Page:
“Audrey, can you please stop playing with your toys and put your shoes on?!?!” Mary asks for the sixth time. Mary is trying to get herself and her four-year-old daughter ready so that they can leave to pick up Audrey’s older brother from soccer practice and they are already running behind schedule. Mary is frustrated and has tried everything she can think of in order to get her youngest child ready and out of the house. She has bribed Audrey with ice cream, promised her a later bedtime for tonight, and even tried threatening to take away TV for the rest of the day. Nothing seems to work and Audrey just sits there, playing with her toys, ignoring everything her mother is saying. Mary sometimes wonders if she can even HEAR her or if she has completely tuned her out. Mary finally resorts to abruptly taking away the toys, picking Audrey up and putting her in the car. At that point, Audrey lets out a shrill scream and starts kicking and punching wildly. In the car, Audrey continues to scream, punch, and kick all the way to their destination. Mary has a headache and thinks how much she would love it if she and Audrey could enjoy the car ride and take advantage of their time alone together. But more often than not, their time is taken over by Audrey refusing to listen and then screaming, punching, and having a full-blown tantrum whenever she has to do something she doesn’t want to do. Does something similar to this happen in your house?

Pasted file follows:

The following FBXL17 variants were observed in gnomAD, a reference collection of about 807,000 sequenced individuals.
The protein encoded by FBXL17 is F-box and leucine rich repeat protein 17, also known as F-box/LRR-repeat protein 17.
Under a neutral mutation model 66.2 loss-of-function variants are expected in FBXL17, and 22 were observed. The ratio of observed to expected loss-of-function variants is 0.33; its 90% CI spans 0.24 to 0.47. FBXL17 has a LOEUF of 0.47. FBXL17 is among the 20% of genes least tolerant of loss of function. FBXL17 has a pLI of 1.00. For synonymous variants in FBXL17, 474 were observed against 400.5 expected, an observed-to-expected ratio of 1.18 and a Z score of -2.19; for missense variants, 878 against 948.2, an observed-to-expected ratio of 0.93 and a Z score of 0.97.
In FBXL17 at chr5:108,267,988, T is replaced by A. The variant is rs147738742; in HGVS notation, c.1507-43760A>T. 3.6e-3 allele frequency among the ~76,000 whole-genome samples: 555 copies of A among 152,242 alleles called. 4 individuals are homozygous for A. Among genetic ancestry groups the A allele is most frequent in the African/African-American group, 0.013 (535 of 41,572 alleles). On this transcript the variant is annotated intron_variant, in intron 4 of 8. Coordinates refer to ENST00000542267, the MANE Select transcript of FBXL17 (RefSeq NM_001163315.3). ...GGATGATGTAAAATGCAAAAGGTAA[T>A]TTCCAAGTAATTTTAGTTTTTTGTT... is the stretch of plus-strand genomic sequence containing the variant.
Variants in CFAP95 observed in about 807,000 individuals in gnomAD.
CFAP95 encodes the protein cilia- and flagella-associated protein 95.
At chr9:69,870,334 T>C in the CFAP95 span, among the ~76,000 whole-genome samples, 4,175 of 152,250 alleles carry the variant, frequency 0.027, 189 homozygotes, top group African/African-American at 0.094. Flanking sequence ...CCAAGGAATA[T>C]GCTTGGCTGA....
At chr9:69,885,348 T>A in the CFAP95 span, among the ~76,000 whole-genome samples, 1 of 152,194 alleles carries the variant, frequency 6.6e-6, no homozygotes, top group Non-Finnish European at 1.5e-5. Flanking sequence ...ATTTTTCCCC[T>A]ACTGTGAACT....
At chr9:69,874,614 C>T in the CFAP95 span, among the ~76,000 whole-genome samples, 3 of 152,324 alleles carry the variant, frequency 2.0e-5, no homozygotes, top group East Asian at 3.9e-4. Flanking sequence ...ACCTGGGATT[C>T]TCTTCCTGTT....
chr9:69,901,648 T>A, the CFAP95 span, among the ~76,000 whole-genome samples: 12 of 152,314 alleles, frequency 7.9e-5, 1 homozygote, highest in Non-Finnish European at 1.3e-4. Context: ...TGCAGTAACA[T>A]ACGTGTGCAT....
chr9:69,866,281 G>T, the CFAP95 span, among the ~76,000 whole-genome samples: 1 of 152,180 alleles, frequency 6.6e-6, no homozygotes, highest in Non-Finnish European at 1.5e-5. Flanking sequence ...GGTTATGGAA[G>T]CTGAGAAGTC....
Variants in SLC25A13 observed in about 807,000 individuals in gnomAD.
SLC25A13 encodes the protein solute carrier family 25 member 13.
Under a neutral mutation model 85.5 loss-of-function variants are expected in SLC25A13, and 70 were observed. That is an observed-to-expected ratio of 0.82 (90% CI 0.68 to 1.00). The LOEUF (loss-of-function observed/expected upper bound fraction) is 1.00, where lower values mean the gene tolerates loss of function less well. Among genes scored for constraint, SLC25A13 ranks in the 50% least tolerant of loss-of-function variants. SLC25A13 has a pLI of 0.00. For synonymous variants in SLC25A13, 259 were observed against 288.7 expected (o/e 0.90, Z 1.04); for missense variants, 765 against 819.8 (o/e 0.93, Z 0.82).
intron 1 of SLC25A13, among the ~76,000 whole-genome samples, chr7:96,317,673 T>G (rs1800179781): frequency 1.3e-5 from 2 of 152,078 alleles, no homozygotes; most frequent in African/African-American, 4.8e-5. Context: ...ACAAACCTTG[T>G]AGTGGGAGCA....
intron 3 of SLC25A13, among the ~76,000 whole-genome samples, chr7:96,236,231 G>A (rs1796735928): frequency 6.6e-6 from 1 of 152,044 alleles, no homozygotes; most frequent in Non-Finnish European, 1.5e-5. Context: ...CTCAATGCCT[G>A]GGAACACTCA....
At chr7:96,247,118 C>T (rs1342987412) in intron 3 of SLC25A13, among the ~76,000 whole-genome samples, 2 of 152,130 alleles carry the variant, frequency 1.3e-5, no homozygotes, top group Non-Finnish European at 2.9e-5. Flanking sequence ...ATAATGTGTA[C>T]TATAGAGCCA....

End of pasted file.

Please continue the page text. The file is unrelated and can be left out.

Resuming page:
(PCIT) Parent Child Interaction Therapy could help! But what exactly is it?
Parent Child Interaction Therapy, PCIT for short, is an evidenced-based educational and behavioral practice used with families who have similar situations like Mary and Audrey. It is a short-term treatment (approximately 12-20 sessions) and improvements can usually be seen within the first two weeks of treatment. This can be a real benefit when you are a parent stretched to the max and are at your wit’s end.
PCIT is used best with:
- Children ages 3 through 7.
- Children who consistently have difficulties following instructions the first time they are given.
- Children who continuously tantrum or whine when told to do something they don’t want to do.
- Children who become aggressive (e.g., punching, throwing objects, hitting, biting) when told to do something they don’t want to do or told to stop doing something they want to continue doing.
- Parents who want to provide consistency in the home, including having a more effective discipline option.
For a sense of what actually happens in a PCIT session, see What will (PCIT) Parent Child Interaction Therapy sessions look like?
Let us help you reduce your parental stress! If Parent Child Interaction Therapy (PCIT) sounds like something you and your child might benefit from, please CONTACT US at the Torrance office of the Cognitive Behavior Therapy Center of Southern California to set up an assessment with one of our child clinicians.
Author Erica D’Ambrosi, LMFT is a child and adolescent behavioral specialist and practices in Torrance, CA.